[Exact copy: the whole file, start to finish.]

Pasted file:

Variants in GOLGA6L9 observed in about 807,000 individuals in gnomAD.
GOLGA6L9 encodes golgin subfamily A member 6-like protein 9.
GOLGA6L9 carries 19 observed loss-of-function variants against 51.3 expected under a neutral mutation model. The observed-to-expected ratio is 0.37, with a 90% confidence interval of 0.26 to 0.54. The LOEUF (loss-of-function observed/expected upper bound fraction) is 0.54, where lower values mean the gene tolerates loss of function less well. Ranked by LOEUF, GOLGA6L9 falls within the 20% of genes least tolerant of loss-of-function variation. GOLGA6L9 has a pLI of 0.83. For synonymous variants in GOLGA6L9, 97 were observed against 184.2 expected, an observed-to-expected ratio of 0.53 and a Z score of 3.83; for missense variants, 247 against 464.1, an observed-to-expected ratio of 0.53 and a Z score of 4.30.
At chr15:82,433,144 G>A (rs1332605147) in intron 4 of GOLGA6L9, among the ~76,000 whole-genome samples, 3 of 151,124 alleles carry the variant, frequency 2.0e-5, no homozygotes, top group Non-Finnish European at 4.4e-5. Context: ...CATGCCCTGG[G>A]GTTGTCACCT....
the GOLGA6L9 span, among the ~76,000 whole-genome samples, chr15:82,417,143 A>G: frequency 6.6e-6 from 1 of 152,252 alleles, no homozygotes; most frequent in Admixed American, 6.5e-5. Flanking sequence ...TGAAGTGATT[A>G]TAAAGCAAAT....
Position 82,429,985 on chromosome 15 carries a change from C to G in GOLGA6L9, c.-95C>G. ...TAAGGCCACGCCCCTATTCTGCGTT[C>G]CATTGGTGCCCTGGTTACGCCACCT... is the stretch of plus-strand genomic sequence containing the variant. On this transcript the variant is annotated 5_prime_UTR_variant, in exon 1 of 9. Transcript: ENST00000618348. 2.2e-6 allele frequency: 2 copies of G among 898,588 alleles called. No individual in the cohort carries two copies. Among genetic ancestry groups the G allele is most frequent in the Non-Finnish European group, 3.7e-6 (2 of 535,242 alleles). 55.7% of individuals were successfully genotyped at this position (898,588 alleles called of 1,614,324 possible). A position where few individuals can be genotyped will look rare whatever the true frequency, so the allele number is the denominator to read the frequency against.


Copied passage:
Variants in GOLGA6L9 observed in about 807,000 individuals in gnomAD.
GOLGA6L9 encodes golgin subfamily A member 6-like protein 9.
GOLGA6L9 carries 19 observed loss-of-function variants against 51.3 expected under a neutral mutation model. The observed-to-expected ratio is 0.37, with a 90% confidence interval of 0.26 to 0.54. The LOEUF (loss-of-function observed/expected upper bound fraction) is 0.54, where lower values mean the gene tolerates loss of function less well. Ranked by LOEUF, GOLGA6L9 falls within the 20% of genes least tolerant of loss-of-function variation. GOLGA6L9 has a pLI of 0.83. For synonymous variants in GOLGA6L9, 97 were observed against 184.2 expected, an observed-to-expected ratio of 0.53 and a Z score of 3.83; for missense variants, 247 against 464.1, an observed-to-expected ratio of 0.53 and a Z score of 4.30.
At chr15:82,433,144 G>A (rs1332605147) in intron 4 of GOLGA6L9, among the ~76,000 whole-genome samples, 3 of 151,124 alleles carry the variant, frequency 2.0e-5, no homozygotes, top group Non-Finnish European at 4.4e-5. Context: ...CATGCCCTGG[G>A]GTTGTCACCT....
the GOLGA6L9 span, among the ~76,000 whole-genome samples, chr15:82,417,143 A>G: frequency 6.6e-6 from 1 of 152,252 alleles, no homozygotes; most frequent in Admixed American, 6.5e-5. Flanking sequence ...TGAAGTGATT[A>G]TAAAGCAAAT....
Position 82,429,985 on chromosome 15 carries a change from C to G in GOLGA6L9, c.-95C>G. ...TAAGGCCACGCCCCTATTCTGCGTT[C>G]CATTGGTGCCCTGGTTACGCCACCT... is the stretch of plus-strand genomic sequence containing the variant. On this transcript the variant is annotated 5_prime_UTR_variant, in exon 1 of 9. Transcript: ENST00000618348. 2.2e-6 allele frequency: 2 copies of G among 898,588 alleles called. No individual in the cohort carries two copies. Among genetic ancestry groups the G allele is most frequent in the Non-Finnish European group, 3.7e-6 (2 of 535,242 alleles). 55.7% of individuals were successfully genotyped at this position (898,588 alleles called of 1,614,324 possible). A position where few individuals can be genotyped will look rare whatever the true frequency, so the allele number is the denominator to read the frequency against.